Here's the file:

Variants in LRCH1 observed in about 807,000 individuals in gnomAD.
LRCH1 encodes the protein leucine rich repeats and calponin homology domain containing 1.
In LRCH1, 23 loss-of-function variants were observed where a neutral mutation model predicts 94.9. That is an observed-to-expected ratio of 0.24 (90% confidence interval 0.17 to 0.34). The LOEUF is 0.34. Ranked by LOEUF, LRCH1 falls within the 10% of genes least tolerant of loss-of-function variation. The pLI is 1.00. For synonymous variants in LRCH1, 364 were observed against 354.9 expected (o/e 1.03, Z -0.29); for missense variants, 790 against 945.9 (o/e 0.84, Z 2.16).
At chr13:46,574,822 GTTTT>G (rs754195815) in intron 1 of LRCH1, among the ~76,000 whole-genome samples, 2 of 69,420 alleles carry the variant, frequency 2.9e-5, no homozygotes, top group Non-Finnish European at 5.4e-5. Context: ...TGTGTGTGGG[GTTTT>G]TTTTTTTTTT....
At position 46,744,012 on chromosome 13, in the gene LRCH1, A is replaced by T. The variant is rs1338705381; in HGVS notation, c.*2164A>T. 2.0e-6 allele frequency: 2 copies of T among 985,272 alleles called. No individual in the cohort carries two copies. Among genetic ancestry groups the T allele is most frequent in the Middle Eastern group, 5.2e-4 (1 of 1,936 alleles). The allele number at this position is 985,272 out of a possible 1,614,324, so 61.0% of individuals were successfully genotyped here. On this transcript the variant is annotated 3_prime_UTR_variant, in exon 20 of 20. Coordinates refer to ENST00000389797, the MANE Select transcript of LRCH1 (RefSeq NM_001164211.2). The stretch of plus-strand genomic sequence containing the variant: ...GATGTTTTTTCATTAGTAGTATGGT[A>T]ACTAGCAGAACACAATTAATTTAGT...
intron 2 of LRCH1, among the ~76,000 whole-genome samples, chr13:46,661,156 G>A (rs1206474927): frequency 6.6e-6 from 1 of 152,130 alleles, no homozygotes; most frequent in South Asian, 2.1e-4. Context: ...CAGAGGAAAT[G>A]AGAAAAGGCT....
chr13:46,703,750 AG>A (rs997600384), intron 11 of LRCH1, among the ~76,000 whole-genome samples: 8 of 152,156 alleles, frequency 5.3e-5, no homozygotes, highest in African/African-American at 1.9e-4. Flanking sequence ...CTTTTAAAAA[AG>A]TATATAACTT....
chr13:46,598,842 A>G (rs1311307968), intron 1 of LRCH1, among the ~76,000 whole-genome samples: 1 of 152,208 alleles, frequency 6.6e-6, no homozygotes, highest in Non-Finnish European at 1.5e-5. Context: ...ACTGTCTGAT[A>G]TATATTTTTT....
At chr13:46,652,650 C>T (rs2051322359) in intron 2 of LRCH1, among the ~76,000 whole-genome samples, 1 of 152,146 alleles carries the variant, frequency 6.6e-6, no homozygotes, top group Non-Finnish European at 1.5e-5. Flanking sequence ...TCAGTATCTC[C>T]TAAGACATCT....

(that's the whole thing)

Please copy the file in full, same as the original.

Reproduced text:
Variants in LRCH1 observed in about 807,000 individuals in gnomAD.
LRCH1 encodes the protein leucine rich repeats and calponin homology domain containing 1.
In LRCH1, 23 loss-of-function variants were observed where a neutral mutation model predicts 94.9. That is an observed-to-expected ratio of 0.24 (90% confidence interval 0.17 to 0.34). The LOEUF is 0.34. Ranked by LOEUF, LRCH1 falls within the 10% of genes least tolerant of loss-of-function variation. The pLI is 1.00. For synonymous variants in LRCH1, 364 were observed against 354.9 expected (o/e 1.03, Z -0.29); for missense variants, 790 against 945.9 (o/e 0.84, Z 2.16).
At chr13:46,574,822 GTTTT>G (rs754195815) in intron 1 of LRCH1, among the ~76,000 whole-genome samples, 2 of 69,420 alleles carry the variant, frequency 2.9e-5, no homozygotes, top group Non-Finnish European at 5.4e-5. Context: ...TGTGTGTGGG[GTTTT>G]TTTTTTTTTT....
At position 46,744,012 on chromosome 13, in the gene LRCH1, A is replaced by T. The variant is rs1338705381; in HGVS notation, c.*2164A>T. 2.0e-6 allele frequency: 2 copies of T among 985,272 alleles called. No individual in the cohort carries two copies. Among genetic ancestry groups the T allele is most frequent in the Middle Eastern group, 5.2e-4 (1 of 1,936 alleles). The allele number at this position is 985,272 out of a possible 1,614,324, so 61.0% of individuals were successfully genotyped here. On this transcript the variant is annotated 3_prime_UTR_variant, in exon 20 of 20. Coordinates refer to ENST00000389797, the MANE Select transcript of LRCH1 (RefSeq NM_001164211.2). The stretch of plus-strand genomic sequence containing the variant: ...GATGTTTTTTCATTAGTAGTATGGT[A>T]ACTAGCAGAACACAATTAATTTAGT...
intron 2 of LRCH1, among the ~76,000 whole-genome samples, chr13:46,661,156 G>A (rs1206474927): frequency 6.6e-6 from 1 of 152,130 alleles, no homozygotes; most frequent in South Asian, 2.1e-4. Context: ...CAGAGGAAAT[G>A]AGAAAAGGCT....
chr13:46,703,750 AG>A (rs997600384), intron 11 of LRCH1, among the ~76,000 whole-genome samples: 8 of 152,156 alleles, frequency 5.3e-5, no homozygotes, highest in African/African-American at 1.9e-4. Flanking sequence ...CTTTTAAAAA[AG>A]TATATAACTT....
chr13:46,598,842 A>G (rs1311307968), intron 1 of LRCH1, among the ~76,000 whole-genome samples: 1 of 152,208 alleles, frequency 6.6e-6, no homozygotes, highest in Non-Finnish European at 1.5e-5. Context: ...ACTGTCTGAT[A>G]TATATTTTTT....
At chr13:46,652,650 C>T (rs2051322359) in intron 2 of LRCH1, among the ~76,000 whole-genome samples, 1 of 152,146 alleles carries the variant, frequency 6.6e-6, no homozygotes, top group Non-Finnish European at 1.5e-5. Flanking sequence ...TCAGTATCTC[C>T]TAAGACATCT....